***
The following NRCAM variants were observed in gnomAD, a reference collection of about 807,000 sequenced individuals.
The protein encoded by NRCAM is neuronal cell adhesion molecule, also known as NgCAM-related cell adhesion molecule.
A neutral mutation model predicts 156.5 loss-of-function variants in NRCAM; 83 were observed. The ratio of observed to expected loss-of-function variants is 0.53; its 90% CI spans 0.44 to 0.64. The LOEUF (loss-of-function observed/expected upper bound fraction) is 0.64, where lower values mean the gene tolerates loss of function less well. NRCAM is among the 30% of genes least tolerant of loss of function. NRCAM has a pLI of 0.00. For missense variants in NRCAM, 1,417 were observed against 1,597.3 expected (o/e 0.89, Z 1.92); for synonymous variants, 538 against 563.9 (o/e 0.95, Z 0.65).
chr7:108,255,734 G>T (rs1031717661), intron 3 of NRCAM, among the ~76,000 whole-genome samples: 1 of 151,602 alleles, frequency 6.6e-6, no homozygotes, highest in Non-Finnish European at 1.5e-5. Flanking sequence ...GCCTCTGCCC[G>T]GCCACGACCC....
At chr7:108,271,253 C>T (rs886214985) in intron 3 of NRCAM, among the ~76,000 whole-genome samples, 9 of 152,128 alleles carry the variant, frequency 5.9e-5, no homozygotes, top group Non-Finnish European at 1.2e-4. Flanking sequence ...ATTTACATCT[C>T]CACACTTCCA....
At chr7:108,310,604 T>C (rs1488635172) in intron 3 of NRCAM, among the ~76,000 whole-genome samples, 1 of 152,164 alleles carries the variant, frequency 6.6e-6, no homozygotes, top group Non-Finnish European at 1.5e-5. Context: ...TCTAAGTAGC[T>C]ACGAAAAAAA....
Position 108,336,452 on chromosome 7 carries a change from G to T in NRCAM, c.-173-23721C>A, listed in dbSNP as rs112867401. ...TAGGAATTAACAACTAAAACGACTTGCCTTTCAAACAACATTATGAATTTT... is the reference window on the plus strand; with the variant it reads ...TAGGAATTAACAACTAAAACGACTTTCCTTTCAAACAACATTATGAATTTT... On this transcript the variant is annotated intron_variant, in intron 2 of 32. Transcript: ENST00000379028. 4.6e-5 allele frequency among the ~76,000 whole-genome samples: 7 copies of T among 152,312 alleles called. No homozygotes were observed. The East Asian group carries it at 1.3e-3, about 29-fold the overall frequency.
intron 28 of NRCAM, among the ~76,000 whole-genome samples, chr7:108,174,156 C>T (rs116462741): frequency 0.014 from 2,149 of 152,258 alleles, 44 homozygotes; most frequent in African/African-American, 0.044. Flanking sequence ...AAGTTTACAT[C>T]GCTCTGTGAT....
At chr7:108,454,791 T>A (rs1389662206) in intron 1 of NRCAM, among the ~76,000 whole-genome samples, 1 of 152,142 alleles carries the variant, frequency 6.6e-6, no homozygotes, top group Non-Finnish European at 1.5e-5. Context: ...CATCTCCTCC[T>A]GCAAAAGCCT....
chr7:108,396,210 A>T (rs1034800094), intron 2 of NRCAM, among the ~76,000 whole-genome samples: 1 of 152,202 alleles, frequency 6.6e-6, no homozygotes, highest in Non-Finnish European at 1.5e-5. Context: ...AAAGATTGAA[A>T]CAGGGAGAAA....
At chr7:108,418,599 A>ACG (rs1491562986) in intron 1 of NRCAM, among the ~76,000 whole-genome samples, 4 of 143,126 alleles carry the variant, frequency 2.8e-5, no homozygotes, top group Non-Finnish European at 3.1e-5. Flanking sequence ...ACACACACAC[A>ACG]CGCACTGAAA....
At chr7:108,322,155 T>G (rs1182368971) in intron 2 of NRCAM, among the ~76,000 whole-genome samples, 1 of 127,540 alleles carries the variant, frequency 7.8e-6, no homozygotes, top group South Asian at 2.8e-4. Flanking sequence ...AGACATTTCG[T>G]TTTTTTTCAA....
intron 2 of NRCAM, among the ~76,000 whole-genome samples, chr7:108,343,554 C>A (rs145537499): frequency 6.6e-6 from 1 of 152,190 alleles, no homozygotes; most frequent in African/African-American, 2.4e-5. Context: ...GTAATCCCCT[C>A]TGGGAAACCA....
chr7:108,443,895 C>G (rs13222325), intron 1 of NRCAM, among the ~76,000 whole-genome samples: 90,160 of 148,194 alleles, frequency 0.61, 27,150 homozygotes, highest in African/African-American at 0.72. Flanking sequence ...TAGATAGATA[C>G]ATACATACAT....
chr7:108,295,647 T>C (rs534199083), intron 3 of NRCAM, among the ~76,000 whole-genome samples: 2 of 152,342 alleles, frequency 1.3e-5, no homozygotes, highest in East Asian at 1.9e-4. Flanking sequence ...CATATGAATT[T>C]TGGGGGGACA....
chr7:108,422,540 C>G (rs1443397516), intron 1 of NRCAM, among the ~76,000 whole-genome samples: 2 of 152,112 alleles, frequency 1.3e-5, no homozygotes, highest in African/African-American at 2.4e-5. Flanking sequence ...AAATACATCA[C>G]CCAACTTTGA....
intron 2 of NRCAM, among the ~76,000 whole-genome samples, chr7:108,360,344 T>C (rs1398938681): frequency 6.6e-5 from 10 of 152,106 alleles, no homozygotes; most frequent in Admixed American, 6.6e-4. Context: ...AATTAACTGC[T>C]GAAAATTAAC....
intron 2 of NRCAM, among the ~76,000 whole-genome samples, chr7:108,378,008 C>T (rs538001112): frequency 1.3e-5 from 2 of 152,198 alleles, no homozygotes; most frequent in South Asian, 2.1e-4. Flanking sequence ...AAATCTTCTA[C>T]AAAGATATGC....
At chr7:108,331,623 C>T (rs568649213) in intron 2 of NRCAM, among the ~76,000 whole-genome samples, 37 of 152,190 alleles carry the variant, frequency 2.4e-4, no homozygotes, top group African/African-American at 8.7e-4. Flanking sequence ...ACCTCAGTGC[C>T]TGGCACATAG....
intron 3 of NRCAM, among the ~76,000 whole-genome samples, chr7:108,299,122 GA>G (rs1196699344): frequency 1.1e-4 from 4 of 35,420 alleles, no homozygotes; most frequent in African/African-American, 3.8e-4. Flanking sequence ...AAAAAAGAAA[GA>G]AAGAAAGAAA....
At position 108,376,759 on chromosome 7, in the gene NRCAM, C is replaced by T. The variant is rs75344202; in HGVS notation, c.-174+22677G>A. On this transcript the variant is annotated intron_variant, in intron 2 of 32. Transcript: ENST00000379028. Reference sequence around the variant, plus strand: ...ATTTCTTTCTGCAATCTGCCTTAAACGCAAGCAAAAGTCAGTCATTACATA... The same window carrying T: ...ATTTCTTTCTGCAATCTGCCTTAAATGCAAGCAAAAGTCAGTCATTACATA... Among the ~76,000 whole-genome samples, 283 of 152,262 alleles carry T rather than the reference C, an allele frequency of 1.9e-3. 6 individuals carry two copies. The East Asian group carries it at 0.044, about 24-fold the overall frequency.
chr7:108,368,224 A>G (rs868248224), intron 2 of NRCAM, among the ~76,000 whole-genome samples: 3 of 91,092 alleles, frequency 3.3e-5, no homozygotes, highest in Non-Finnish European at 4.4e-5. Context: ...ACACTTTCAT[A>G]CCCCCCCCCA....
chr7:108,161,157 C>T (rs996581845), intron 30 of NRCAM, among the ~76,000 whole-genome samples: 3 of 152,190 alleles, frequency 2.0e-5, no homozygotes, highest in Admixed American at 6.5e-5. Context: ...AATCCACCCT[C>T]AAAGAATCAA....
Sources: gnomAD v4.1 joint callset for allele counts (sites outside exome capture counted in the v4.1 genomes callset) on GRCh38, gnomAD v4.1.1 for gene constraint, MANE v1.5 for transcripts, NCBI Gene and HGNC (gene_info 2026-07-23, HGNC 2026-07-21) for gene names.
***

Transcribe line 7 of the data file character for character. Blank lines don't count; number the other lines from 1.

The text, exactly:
Position 108,336,452 on chromosome 7 carries a change from G to T in NRCAM, c.-173-23721C>A, listed in dbSNP as rs112867401. ...TAGGAATTAACAACTAAAACGACTTGCCTTTCAAACAACATTATGAATTTT... is the reference window on the plus strand; with the variant it reads ...TAGGAATTAACAACTAAAACGACTTTCCTTTCAAACAACATTATGAATTTT... On this transcript the variant is annotated intron_variant, in intron 2 of 32. Transcript: ENST00000379028. 4.6e-5 allele frequency among the ~76,000 whole-genome samples: 7 copies of T among 152,312 alleles called. No homozygotes were observed. The East Asian group carries it at 1.3e-3, about 29-fold the overall frequency.